Unbearable Splendor by Sun Yung Shin (Coffee House Press) is a book of poetry that begins with a cyborg manifesto and a quote from the movie Blade Runner will always find a soft spot in my heart, but then it has to deliver. Sun Yung Shin’s Unbearable Splendor, a compilation of storytelling poetry and lyric essays, makes good on its promises. We explore with Shin—in graphs of the uncanny valley, in prose-poems that explore the liminal spaces of Pinocchio’s body, reproductions of adoption papers for a Korean orphan (last of their family), and an ad for candidates to become surrogate mothers.
Even the ancient Greeks make their appearance:
“Is Antigone the original cyborg?
The limits of woman, human. Everything put to the test.”
And a Turing Test applied to Eugene, the software program:
“Hurtling toward my milestone.
I am failing the human test and passing the machine test.”
At once sensual, philosophical, mind-bending in its juxtapositions, Shin’s exploration of what we take for granted—bodies, labels, time, and what it means to be human—crosses many intellectual landscapes at once. For those who like more traditional forms, or traditionally broken-line free verse—the lyrical prose still remains inviting, hinting at a formality by its rigor of thought. And for those who don’t care much for poetry, but want a beautiful space to explore modern and fluid ideas will find refuge here. Unbearable Splendor is a liminal book, but one that invites the reader to cross all its boundaries.
Meanwhile, Wild Grass on the Riverbank by Hiromi Itō, translated to English by Jeffrey Angles, (originally published in Japanese as Kawara Arekusa) offers a different kind of invitation: a book-long narrative poem of family dysfunctional and betrayal. Borrowing from the medieval Japanese travelers’ tales (sekkyō-bushi), Itō describes the trials of a family oscillating between two homes—an arid desert that seems suspiciously like California, and a lush, practically mythological riverbank full of sexual, poisonous, friendly invasive vines. There is the death and putrefaction and mummification of the stepfather’s body, the theme of the “bad passport” and the bad mother who is set on her own agenda, with the children as afterthought:
“Once again we were getting on board/ But no matter how many times we arrived, our journey still did not end.”
What makes this a modern poetic tale is the cadenced voice of the older sister protagonist, the narrator of the story. She is watchful as the mother copes (or does not cope) with life’s details. She can see the truth of the stepfather’s corpse’s deterioration even if the mother decides to stay in denial. She deals plainly with the stranger on the riverbank, and all the officials. Instead of the Japanese gods coming to the rescue (as would happen in sekkyō-bushi), it is the older sister who prevails to bring herself and her little brother to a happier ending.
In translating Itō’s poetry Jeffrey Angles has invoked a kind of incantatory language, repetitive and childlike, so that when words like “naturalize” or the Latin names of the plants the older sister speaks to/with/about are mentioned, it startles an English speaker as much as the katakana of the original breaks the mainstream Japanese. His notes are very helpful in understanding the context in which the original Japanese edition came out. Interestingly, Itō herself has high praise for this English edition, that it feels to her as though the original was written in English and the Japanese version that she wrote first, a translation. Where the father comes back from the dead with open arms, and the daughter persists.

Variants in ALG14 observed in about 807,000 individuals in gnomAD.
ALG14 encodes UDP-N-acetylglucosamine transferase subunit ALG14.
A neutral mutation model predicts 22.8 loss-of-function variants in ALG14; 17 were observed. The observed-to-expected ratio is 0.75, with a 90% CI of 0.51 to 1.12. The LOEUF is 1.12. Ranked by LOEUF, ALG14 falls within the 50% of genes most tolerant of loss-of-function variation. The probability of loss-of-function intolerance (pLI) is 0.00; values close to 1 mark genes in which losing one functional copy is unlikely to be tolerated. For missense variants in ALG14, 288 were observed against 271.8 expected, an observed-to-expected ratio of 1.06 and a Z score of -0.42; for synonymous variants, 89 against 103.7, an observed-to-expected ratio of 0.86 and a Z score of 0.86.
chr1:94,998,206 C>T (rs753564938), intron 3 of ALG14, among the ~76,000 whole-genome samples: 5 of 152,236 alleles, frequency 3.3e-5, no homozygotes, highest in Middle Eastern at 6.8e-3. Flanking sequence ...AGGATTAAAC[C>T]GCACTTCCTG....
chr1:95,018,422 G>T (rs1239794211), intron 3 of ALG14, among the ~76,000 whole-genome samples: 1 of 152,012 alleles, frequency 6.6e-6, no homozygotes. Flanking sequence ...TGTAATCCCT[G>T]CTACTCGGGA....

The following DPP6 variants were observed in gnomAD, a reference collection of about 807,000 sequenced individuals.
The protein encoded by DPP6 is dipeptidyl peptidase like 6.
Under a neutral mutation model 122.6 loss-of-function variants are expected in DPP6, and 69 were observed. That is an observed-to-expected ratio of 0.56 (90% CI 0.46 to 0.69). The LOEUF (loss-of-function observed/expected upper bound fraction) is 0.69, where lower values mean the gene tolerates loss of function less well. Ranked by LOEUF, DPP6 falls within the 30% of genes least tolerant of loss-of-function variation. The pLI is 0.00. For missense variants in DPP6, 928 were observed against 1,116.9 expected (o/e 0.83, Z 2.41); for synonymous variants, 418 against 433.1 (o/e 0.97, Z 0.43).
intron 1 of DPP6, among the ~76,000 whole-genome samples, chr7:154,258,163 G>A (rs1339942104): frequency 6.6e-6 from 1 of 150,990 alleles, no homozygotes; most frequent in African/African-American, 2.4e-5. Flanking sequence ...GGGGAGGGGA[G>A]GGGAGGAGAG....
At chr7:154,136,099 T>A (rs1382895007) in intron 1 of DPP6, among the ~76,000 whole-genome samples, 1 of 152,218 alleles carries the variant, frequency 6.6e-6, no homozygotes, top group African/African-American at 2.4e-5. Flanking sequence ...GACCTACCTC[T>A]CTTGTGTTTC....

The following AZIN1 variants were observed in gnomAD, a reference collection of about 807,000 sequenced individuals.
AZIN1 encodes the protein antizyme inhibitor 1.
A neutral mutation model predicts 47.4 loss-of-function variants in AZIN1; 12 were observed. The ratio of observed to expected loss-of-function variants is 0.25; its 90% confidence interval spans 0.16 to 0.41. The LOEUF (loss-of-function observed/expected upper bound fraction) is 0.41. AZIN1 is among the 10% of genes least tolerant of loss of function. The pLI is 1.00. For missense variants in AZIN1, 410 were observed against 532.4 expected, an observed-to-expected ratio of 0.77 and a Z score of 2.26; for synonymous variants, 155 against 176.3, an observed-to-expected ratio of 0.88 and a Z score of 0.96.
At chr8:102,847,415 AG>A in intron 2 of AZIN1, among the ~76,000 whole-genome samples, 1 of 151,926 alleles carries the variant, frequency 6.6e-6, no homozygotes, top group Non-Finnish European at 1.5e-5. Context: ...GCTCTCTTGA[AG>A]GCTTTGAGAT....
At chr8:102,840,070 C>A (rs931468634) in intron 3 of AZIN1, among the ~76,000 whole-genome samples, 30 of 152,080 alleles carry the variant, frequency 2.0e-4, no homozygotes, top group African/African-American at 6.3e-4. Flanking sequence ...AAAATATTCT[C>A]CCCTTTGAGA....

In Night Sky with Exit Wounds by Ocean Vuong (Copper Canyon Press), it is the son who persists amid all the memories of family and violence and sexual awakening. Many of these poems first made their appearance in high-profile venues over the last couple of years—The New Yorker, The Nation, PANK—and other literary reviewers have commented on Vuong’s mastery of the beautiful image and the ashier, gut-wrenching moment. What I’d like to highlight here then is the quiet zeroing in, the intrinsic heightening of feeling the Vietnam-born Vuong offers in his poems.
In “Always & Forever” the speaker, a young boy, is being awakened by his father: “ Open this when you need me most/ he said as he slipped the shoe box wrapped/in duct tape, beneath my bed…”
Then a quick shift to the modern-day awakening, no father present, the adult son taking out the gun from the box to see “if an entry wound in the night/would make a hole as wide as morning. That if/ I looked through it, I would see the end of this..” A lesser poet would stop there, satis ed to be drawing the parallel of early trauma and an insufficient father with the adult’s current despair.
Instead, Vuong takes us immediately back into the memory to make his point about guns, wounds and what happens after, and end the poem without punctuation:
“…the boy pretending / to be asleep as his father’s clutch tightens. / The way the barrel, aimed at the sky, must tighten / around a bullet/to make it speak”
With one gesture, we see the gun aimed not at the narrator, but the sky (a happier ending). We now must hold parallel the father’s hug and the metal barrel of the gun, and must see the son as the bullet, silently transformed by this ring into the speaker of the poem. Night Sky with Exit Wounds is a tour de force of evoked memory, heartache, and loss even as it affirms the persistent, present moment.